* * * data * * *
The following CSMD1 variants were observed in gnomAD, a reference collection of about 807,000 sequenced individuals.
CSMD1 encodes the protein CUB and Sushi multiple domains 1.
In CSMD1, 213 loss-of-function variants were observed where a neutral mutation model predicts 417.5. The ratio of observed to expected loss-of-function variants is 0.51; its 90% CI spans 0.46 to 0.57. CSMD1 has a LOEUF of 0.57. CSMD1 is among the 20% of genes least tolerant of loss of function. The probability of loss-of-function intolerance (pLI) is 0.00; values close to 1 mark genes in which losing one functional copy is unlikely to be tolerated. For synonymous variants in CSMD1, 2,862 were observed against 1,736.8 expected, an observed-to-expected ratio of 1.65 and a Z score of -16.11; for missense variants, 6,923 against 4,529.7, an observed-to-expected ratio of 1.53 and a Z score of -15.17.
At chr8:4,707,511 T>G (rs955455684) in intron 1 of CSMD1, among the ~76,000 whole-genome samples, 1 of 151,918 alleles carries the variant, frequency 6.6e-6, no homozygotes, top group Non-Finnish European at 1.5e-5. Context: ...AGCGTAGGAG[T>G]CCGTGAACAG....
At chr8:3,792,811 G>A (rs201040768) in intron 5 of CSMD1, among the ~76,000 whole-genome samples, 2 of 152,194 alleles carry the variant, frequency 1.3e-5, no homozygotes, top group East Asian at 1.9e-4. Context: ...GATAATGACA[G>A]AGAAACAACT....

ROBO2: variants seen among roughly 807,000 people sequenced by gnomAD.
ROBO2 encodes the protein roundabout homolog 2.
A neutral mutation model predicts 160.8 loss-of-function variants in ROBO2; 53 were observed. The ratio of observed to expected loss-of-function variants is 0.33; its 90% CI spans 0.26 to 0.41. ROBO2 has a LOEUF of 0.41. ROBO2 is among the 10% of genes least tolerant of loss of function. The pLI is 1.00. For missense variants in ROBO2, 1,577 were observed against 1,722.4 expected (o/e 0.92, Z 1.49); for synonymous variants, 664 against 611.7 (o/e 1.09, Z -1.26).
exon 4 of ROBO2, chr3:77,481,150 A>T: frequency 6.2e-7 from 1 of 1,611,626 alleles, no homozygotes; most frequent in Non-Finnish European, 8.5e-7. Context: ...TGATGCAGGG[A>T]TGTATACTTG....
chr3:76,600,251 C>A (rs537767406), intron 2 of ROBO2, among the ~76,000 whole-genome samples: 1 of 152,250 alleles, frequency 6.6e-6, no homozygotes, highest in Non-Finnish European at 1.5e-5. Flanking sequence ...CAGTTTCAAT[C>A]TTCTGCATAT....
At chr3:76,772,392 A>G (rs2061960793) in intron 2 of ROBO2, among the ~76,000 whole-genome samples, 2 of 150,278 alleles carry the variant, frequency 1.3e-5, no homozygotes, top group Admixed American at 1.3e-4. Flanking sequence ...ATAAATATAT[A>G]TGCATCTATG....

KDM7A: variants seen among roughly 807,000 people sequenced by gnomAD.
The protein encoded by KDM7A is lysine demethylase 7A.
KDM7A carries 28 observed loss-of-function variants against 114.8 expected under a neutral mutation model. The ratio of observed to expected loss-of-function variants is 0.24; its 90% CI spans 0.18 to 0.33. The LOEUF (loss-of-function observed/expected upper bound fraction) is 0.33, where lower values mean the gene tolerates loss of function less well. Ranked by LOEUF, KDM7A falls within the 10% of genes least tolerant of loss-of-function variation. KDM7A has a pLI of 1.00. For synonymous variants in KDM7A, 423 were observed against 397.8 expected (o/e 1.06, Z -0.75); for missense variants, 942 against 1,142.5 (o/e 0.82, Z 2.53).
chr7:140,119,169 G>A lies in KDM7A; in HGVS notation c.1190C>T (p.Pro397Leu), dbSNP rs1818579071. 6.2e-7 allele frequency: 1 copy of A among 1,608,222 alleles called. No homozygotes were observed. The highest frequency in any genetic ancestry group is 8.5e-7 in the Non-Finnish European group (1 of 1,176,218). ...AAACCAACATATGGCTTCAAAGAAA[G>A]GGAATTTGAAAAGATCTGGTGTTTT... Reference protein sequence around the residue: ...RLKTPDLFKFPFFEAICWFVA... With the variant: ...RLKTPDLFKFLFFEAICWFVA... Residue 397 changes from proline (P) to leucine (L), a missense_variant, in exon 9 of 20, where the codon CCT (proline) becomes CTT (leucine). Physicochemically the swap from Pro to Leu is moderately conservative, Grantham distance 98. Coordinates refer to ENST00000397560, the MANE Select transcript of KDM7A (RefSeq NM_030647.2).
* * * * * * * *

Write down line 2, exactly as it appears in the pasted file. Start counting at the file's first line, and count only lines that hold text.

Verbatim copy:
CSMD1 encodes the protein CUB and Sushi multiple domains 1.